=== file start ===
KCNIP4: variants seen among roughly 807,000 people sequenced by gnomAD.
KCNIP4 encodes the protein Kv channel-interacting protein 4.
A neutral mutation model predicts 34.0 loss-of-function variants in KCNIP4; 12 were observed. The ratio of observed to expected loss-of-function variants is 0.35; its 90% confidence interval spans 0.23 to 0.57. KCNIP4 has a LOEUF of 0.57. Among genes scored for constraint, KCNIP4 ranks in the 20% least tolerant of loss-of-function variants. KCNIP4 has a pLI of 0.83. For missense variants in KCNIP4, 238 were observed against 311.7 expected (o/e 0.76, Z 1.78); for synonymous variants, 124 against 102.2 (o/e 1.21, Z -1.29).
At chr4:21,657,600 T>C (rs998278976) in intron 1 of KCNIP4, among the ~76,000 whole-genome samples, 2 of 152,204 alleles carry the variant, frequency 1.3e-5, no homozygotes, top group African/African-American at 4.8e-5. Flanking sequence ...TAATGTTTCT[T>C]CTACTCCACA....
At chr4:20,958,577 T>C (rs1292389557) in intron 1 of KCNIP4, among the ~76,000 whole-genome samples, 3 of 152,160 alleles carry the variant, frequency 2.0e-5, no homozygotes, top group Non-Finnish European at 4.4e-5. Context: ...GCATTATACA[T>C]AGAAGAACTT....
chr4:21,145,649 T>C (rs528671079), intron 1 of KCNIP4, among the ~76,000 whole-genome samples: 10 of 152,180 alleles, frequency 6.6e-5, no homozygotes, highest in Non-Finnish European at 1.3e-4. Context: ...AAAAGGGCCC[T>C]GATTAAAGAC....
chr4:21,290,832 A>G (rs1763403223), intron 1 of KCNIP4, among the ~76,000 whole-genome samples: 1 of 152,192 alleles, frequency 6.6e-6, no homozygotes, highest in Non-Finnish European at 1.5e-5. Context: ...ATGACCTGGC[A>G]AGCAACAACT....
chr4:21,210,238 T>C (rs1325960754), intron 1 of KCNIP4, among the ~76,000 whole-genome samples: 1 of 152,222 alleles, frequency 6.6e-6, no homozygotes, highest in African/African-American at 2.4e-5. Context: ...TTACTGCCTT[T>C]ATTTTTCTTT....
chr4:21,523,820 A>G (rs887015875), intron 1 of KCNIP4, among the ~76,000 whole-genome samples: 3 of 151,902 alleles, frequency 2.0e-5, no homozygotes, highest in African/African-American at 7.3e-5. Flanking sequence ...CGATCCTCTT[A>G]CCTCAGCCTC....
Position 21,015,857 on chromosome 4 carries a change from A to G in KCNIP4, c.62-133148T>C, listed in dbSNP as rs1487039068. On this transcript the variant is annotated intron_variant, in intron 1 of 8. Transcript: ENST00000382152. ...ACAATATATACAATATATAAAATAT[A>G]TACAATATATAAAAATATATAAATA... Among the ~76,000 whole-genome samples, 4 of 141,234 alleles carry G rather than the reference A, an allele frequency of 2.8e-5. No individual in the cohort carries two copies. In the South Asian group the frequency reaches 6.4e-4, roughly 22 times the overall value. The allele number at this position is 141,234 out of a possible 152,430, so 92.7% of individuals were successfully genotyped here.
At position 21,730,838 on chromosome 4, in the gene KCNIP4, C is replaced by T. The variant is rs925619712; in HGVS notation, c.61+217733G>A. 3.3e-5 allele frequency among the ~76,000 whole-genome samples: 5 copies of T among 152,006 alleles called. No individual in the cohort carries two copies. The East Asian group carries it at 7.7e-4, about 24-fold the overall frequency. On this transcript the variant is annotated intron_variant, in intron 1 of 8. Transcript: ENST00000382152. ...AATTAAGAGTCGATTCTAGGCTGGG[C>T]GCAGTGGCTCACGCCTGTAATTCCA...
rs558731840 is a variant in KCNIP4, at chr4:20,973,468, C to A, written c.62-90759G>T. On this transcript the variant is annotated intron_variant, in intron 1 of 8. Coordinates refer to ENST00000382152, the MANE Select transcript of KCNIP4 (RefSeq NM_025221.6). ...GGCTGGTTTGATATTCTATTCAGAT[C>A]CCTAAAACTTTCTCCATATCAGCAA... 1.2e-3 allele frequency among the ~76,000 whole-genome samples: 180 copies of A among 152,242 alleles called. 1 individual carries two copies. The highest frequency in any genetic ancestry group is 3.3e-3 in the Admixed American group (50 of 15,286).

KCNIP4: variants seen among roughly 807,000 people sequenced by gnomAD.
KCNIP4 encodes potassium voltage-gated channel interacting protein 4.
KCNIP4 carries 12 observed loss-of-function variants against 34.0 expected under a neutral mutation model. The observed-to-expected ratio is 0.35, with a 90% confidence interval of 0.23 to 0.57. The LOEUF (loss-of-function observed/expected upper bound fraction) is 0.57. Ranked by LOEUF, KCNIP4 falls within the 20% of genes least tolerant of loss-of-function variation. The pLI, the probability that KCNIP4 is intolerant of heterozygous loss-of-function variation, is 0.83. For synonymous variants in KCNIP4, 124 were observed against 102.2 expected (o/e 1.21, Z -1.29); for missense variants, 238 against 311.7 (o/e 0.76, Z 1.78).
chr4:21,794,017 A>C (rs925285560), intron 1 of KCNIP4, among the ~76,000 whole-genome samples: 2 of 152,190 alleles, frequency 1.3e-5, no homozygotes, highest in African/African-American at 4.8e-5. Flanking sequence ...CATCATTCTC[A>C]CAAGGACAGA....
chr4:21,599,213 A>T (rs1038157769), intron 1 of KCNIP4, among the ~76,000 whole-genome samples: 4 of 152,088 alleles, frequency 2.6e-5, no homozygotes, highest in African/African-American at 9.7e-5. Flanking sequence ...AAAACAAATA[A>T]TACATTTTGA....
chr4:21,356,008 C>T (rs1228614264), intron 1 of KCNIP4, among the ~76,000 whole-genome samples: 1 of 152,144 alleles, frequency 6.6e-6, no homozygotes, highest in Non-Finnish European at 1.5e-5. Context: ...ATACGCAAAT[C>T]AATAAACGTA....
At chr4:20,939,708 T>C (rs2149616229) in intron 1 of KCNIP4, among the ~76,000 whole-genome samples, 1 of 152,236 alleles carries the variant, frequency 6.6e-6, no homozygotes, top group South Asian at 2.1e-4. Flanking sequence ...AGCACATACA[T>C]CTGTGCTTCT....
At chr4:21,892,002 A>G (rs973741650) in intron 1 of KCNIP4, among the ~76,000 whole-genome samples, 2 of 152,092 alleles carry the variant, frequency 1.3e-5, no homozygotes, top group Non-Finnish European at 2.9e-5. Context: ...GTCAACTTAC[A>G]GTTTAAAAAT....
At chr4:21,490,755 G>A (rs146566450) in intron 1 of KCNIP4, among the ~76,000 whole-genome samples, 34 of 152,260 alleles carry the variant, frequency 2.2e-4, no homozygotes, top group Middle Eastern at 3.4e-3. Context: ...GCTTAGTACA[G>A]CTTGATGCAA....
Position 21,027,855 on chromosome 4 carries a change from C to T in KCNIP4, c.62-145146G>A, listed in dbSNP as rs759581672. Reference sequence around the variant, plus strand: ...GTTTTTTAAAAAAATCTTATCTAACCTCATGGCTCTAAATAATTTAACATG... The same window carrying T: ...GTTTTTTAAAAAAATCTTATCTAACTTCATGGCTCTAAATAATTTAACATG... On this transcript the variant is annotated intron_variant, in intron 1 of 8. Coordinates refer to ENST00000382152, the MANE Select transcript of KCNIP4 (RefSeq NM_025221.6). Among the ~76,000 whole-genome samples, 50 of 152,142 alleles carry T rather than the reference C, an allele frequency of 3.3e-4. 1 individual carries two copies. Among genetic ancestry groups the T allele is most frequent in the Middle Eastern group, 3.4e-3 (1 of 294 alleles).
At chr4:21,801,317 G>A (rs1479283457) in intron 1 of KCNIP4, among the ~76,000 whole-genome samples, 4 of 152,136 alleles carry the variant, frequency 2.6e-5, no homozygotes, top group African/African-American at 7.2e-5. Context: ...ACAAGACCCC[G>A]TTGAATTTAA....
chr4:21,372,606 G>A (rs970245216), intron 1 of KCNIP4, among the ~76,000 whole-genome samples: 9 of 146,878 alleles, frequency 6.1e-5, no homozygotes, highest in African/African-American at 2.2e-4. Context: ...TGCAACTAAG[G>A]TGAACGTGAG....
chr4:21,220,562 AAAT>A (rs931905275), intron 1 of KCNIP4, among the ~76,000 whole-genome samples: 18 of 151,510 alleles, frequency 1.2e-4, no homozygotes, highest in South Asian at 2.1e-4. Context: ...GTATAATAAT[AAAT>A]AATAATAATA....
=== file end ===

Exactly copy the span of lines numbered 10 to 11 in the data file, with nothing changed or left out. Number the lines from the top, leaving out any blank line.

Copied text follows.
Position 21,015,857 on chromosome 4 carries a change from A to G in KCNIP4, c.62-133148T>C, listed in dbSNP as rs1487039068. On this transcript the variant is annotated intron_variant, in intron 1 of 8. Transcript: ENST00000382152. ...ACAATATATACAATATATAAAATAT[A>G]TACAATATATAAAAATATATAAATA... Among the ~76,000 whole-genome samples, 4 of 141,234 alleles carry G rather than the reference A, an allele frequency of 2.8e-5. No individual in the cohort carries two copies. In the South Asian group the frequency reaches 6.4e-4, roughly 22 times the overall value. The allele number at this position is 141,234 out of a possible 152,430, so 92.7% of individuals were successfully genotyped here.
At position 21,730,838 on chromosome 4, in the gene KCNIP4, C is replaced by T. The variant is rs925619712; in HGVS notation, c.61+217733G>A. 3.3e-5 allele frequency among the ~76,000 whole-genome samples: 5 copies of T among 152,006 alleles called. No individual in the cohort carries two copies. The East Asian group carries it at 7.7e-4, about 24-fold the overall frequency. On this transcript the variant is annotated intron_variant, in intron 1 of 8. Transcript: ENST00000382152. ...AATTAAGAGTCGATTCTAGGCTGGG[C>T]GCAGTGGCTCACGCCTGTAATTCCA...